WHAT DO YOU SEEK? The Questions of Jesus as Challenge and Promise. By Michael J. Buckley, SJ. Foreword by Paul G. Crowley, SJ, and Stephen J. Pope. Grand Rapids: Wm. B. Eerdmans Publishing, Co., 2016. Xii + 146 pages.
While we may have questions for Jesus, he has questions for us as well. If we read the Gospels, especially the Gospel of John, we will find Jesus posing questions that challenge companions and crowds. But these questions not only challenge, but they also offer promise (as suggested by the subtitle). Jesuit theologian Michael Buckley, SJ, has written a book that invites us to attend to Jesus’ questions, and in doing so reclaim the power of language to engage with God in Christ.
The author of the book is Bea Professor of Theology Emeritus at Santa Clara University in California. Before teaching there, he taught philosophical theology at Boston College, Notre Dame, and the Jesuit School of Theology (Berkeley, CA). This is a book that is deeply theological and philosophical, but while it challenges, it remains accessible. It is Catholic (Jesuit), but ecumenical as well.
While the book is rooted in the Gospel of John, a Gospel that too often gets ignored in our search for the historical/human Jesus, Buckley opens with Jesus’ encounter with the priests and religious scholars in the Jerusalem Temple at the age of twelve. He leads with this comment: "these teachers would answer the child; the Sanhedrin, many years later, would not answer the man. But both groups had to contend with the unsettling questions that came to them from Jesus" (p. 4). The question is, are we ready to engage in the conversation? Are we willing to answer the questions that Jesus asks?
The Gospels portray Jesus as a preacher, a teacher, one who speaks. In our emphasis on what Jesus says, we may miss the fact that at times he says nothing, but instead he frames "a question within which a personal disclosure can occur, a question within which an interchange will occur or not occur, a question that those who encounter him must live within the hiddenness of their lives" (p. 5). Through these questions, Jesus invites the other to look inward and invite one to discover what is already present within one’s self. In the course of this book, Buckley invites us to attend to the questions that Jesus asks, so that we might encounter God in the questions that bring about divine self-disclosure.
Buckley takes note of fourteen questions posed by Jesus, each of which is drawn from the Gospel of John. While that might seem like a lot of questions, Buckley points out that in the Gospel of John, Jesus asks important questions on thirty-five occasions. Thus, Buckley doesn’t cover them all, but, he lifts enough questions to help us attend to the role that questions play in Jesus' ministry. These questions "gradually bring to the surface what meaning life has for those who would hear them, what is the spirit in which they live and which gives their lives meaning" (p. 11). The purpose of the questions is to encourage the reader/listener to ask what God is doing in one's midst. This is, therefore, a devotional book, but one that is deeply rooted in theology and in Scripture.
He begins his exploration of the fourteen questions with the question that forms the title of the book: "What do you seek?" Taken from John 1:35-38, the question is posed to the disciples of John who had heard John point to Jesus, saying that he was the Lamb of God. Jesus wants them to express what it is they seek in him. Why do they follow? Why do we follow? This is, Buckley suggests, the foundational question. The spiritual life is rooted in one’s search for God. But the promise that goes with this question concerns God’s desire to be known.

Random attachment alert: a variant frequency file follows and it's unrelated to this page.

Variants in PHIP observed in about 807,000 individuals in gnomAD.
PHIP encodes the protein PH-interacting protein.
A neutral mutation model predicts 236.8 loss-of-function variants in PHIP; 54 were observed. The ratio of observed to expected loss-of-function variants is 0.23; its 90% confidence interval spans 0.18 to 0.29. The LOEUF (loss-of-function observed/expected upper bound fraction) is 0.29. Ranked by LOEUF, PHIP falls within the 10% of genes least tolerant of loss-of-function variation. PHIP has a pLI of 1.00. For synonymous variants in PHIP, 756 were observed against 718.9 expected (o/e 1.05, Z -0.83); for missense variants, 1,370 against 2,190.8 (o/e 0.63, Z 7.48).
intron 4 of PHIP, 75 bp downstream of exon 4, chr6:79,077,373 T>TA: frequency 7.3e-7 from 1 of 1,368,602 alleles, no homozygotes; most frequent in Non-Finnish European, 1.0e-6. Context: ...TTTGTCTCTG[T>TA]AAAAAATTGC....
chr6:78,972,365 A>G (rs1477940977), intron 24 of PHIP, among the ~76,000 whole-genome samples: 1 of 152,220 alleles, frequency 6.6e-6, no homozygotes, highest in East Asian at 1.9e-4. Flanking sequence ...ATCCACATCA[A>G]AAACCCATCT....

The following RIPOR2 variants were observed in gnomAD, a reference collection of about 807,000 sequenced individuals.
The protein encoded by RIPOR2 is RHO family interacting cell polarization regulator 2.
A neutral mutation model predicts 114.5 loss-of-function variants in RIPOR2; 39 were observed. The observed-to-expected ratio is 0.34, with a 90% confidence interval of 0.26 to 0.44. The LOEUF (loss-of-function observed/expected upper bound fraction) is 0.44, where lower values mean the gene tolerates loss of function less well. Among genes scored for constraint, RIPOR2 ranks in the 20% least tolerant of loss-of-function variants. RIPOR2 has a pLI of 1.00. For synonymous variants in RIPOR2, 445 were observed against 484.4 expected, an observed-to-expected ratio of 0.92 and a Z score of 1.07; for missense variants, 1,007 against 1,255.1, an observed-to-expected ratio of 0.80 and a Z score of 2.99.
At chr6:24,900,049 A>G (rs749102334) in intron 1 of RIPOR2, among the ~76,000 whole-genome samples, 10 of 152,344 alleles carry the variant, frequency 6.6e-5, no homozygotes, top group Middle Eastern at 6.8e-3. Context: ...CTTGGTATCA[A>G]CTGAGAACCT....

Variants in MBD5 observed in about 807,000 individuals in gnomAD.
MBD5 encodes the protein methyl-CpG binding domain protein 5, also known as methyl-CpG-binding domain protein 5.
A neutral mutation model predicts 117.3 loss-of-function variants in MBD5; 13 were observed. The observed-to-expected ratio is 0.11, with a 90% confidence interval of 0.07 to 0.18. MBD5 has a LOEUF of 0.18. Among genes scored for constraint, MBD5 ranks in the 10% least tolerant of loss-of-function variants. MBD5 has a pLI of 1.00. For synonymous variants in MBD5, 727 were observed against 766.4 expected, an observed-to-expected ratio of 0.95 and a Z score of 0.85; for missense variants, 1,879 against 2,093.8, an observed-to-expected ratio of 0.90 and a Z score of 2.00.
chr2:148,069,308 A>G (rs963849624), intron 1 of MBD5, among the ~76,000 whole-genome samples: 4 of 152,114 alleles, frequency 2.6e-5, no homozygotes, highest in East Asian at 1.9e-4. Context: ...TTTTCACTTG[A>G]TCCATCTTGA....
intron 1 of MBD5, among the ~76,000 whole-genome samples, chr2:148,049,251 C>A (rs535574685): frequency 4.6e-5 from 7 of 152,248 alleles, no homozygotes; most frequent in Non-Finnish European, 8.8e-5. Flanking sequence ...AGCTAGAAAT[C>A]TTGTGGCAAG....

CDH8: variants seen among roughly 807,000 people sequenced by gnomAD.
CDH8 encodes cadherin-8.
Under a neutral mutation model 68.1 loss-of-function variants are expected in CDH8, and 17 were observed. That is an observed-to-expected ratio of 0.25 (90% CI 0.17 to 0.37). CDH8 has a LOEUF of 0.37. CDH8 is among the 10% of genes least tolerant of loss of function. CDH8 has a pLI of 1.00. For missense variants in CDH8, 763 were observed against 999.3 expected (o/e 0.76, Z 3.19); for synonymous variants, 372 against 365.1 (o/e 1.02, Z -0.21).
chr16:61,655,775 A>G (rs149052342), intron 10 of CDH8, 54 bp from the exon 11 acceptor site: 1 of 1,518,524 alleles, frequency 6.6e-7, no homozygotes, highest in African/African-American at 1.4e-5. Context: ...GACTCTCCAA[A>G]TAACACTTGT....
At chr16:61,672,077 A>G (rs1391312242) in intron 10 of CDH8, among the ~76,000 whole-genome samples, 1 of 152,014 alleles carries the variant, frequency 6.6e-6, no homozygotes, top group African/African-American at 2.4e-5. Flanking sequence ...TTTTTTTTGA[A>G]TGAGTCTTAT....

From this foundational question, we move on through thirteen more questions that range from Jesus' question found in John 13 to the disciples after he had washed their feet: “Do you know what I have done to you?" to the final question posed to Peter. When Peter asked about the fate of the Beloved Disciple, Jesus answers him with another question: "What is that to You? Each of these questions are posed to us, so that we might open ourselves up to knowing and known by the incomprehensible God. Commenting on the question posed to the disciples who are uncertain about his teachings in John 6, Jesus asks them "Do you take offense at this?" The chapter explores the question of belief and disbelief, the fact that despite what they had seen the disciples aren't sure what to make of Jesus. Buckley writes perceptively: "The mystery of God is not that he is unintelligible, but rather that he is so intelligible as to be incomprehensible" (p. 129). In other words, Jesus confronts us with our too small a vision of God. God is always greater than our ability to comprehend.
Having gained in recent years a greater appreciation for the Gospel of John, it was a pleasure to engage that Gospel with Buckley. As did Jaime Clark-Soles, he brought out important insights from the Gospel that speak to our own situations. He did so with an appreciation for the power of language, bringing into the conversation insights that challenged and provoked. In the end, he reminds the reader that even though we want to hear God speak, God sometimes speaks in the form of questions. May the questions posed by Jesus open a path into a future in which we embrace and are embraced by God.